Janicza Bravo: ‘Zola’

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Director, Janicza Bravo. Photo by Charles Prince King.

This week on The Treatment, Elvis welcomes director Janicza Bravo, whose newest film is the feature “Zola” based in part on an infamous twitter thread from 2015. Bravo’s other films include “Lemon” and the short “Man Rots from the Head.” Bravo tells The Treatment one of her inspirations for “Zola” was a centuries old triptych she discovered while living abroad. She says her theater background was an asset in blocking the film and using the camera like the audience of a play. And Bravo says a key scene that pulls much of the film’s themes together was actually unintentionally out of focus.

The following interview has been abbreviated and edited for clarity.

KCRW: Welcome to The Treatment, the home edition. I'm Elvis Mitchell. My guest, writer, director and sometimes actor Janicza Bravo has done a few terrific short films, but we're here to talk about her feature film "Zola." You have a feel for staging, for proximity and for costume, and it's all there in abundance in "Zola," I think.

Janicza Bravo: I went to theater school, so I think that's part of my rulebook. I went to this program at NYU, where the focus was directing, design, with a dash of acting, and there isn't a version of my work that exists without that. And I am, at the very least, really comfortable with blocking. You know, everything might be falling apart, but I can block the s--t out of a scene.

KCRW: Well, not a lot of directors can, and I can almost feel the proscenium arch in your work sometimes.

Bravo: Oh, absolutely. I love playing in the wide. And I think that's the theater kid in me: really staging and thinking in the wide. 

You use the word proscenium. I feel there are a good deal of shots in "Zola," where you feel that we're sort of on the stage, and the camera is the audience that we're playing to. Being able to use blocking to also indicate where a character is at. Our focus is Zola, and a good deal of the staging and framing is meant to kind of isolate her, so we're consistently reminded that she is not only our narrator, but our protagonist and our core when we look to her.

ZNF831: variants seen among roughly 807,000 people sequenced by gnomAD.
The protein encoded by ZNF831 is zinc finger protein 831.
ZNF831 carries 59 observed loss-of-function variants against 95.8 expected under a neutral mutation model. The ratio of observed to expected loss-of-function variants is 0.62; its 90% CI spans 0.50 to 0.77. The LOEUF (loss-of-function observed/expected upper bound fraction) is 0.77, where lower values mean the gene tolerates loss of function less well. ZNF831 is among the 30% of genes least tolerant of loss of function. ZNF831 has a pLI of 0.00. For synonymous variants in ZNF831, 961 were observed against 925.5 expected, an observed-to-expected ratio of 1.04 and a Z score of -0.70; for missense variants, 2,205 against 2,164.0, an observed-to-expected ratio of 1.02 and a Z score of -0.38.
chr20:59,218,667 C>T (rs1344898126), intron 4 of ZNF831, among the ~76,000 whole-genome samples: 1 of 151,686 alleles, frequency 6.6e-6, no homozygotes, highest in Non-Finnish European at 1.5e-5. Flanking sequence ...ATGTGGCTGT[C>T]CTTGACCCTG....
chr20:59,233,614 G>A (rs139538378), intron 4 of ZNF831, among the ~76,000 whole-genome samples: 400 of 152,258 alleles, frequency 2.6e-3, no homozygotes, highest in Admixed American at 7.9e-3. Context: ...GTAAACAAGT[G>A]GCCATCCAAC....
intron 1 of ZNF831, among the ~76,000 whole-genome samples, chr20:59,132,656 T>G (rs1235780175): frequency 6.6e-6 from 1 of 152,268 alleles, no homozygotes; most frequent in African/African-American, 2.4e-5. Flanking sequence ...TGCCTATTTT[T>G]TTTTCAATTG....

KCRW: One of my favorite shots in the movie is when she moved or has been transplanted to Florida, she comes out and she's wiping down a pole and trying to do it sexily. It's kind of like watching somebody come out and sweep the stage of a black box theater before the show starts.

Bravo: Taylour Paige, who plays Zola, is a trained dancer. She studied with Debbie Allen, and one of the things that was really important to her with working on this character and building her Zola was the authenticity of that work. It was something that she had shared with me and a multitude of the dancers that I had gotten to interview, literally just having them walk me through the rudimentary aspects of their work beyond the sexiness of the dance. What is the prep? What's the lead up? Something maybe simple as not putting lotion on my body, because that doesn't work when you're climbing up a pole. And that is a part of the work. I think it's something that we don't notice, or maybe someone wouldn't choose to include because it isn't sexy, but I wanted to treat this aspect of stripping, of dancing, of sex work, which also happens in the film, I wanted to really imbue it with integrity and look at all of the parts of the work.

KCRW: At some point in everything you've done, there's a kind of moment of transcendence for your characters. "Zola" starts with it. In "Pauline," the last scene is about that. And "Man Rots from the Head," there are scenes back and forth of this character looking for transcendence. These characters so often are looking to be transported from the worlds in which they live.

Bravo: I haven't looked at those moments in that way. I think that film allows for an opportunity to play in fantasy. It allows for an opportunity to imagine life as larger than it is or than it gets to be and really leaning into what the medium allows for. And I think that most of the characters that I'm attracted to have these rich fantasy lives or these rich interiors, and I'm allowing them or they're allowing me--we're sort of hand in hand-- to take these big leaps of getting to luxuriate in our fantasy.

KCRW: To me this movie felt like this flowering of all these pieces you've done in the shorts. I was thinking that the first act kind of ends in the scene where they pull up into the parking lot of this sleazy hotel in the Benz Jeep, and the boys dribbling on the second floor is almost this punctuation, this tap that really starts the dance aspect of emotion, in aural terms.

Bravo: Yeah, I could see that as an entry into the second act. There was a painting that I had used that I shared with all of my department heads, which was Hieronymus Bosch’s "Garden of Earthly Delights." It lives at the Prado in Spain. I had studied abroad in my early 20s, and I had this class where every Thursday I got to go to the Prado museum, and I sort of fell in love with this painting and had this love affair where I would meet it every Thursday. I had pulled it for the film because what I love about that piece, it's a triptych. Panel one is heaven; panel two is earth and panel three is hell. And there is something about the world of "Zola," that feels like it transitions in this way home. That first act is Earth: there is something tranquil or placid, the palette is on the softer side. And then once you leave home, and you're headed towards Florida, things get a bit busier, a bit more saturated. And it's crowded, and the bass drops, literally, at least in our film. And then in that third act, where black is really introduced in that panel, there is this sense of we have crossed to the other side. It is something that happens as we get farther and farther away from home, night sets in. And we've introduced something that feels almost demonic or diabolical.